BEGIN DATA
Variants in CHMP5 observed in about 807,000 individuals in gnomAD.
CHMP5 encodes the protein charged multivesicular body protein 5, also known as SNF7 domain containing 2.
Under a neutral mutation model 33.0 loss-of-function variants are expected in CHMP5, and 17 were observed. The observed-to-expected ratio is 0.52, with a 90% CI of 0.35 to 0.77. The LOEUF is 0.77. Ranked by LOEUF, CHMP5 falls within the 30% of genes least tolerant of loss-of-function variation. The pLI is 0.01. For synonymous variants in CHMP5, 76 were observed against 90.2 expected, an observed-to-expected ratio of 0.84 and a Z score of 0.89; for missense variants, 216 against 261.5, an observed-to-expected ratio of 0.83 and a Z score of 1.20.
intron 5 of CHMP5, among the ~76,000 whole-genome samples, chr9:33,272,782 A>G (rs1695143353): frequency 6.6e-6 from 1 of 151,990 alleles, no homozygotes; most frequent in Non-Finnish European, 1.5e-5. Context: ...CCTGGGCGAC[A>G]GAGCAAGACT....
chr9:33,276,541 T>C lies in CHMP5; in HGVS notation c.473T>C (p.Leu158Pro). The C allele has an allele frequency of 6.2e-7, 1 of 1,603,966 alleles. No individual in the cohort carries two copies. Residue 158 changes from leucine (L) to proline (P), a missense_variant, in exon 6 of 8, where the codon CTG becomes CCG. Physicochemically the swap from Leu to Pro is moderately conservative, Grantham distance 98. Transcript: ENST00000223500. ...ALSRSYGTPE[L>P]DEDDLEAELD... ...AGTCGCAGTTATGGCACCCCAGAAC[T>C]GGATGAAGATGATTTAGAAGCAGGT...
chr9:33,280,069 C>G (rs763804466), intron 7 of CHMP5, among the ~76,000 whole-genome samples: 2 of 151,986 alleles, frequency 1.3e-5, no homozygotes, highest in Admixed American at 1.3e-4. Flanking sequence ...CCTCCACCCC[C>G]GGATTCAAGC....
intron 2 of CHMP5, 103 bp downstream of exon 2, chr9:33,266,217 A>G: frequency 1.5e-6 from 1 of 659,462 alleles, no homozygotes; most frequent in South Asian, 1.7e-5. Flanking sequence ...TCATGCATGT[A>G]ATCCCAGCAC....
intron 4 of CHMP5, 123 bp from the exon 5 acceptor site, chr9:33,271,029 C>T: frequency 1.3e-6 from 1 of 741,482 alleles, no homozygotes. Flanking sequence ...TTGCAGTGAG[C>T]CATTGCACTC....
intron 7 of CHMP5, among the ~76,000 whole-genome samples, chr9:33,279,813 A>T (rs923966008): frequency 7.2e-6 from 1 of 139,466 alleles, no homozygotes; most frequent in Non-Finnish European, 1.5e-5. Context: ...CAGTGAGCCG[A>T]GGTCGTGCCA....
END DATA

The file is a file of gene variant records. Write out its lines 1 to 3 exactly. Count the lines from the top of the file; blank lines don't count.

Variants in CHMP5 observed in about 807,000 individuals in gnomAD.
CHMP5 encodes the protein charged multivesicular body protein 5, also known as SNF7 domain containing 2.
Under a neutral mutation model 33.0 loss-of-function variants are expected in CHMP5, and 17 were observed. The observed-to-expected ratio is 0.52, with a 90% CI of 0.35 to 0.77. The LOEUF is 0.77. Ranked by LOEUF, CHMP5 falls within the 30% of genes least tolerant of loss-of-function variation. The pLI is 0.01. For synonymous variants in CHMP5, 76 were observed against 90.2 expected, an observed-to-expected ratio of 0.84 and a Z score of 0.89; for missense variants, 216 against 261.5, an observed-to-expected ratio of 0.83 and a Z score of 1.20.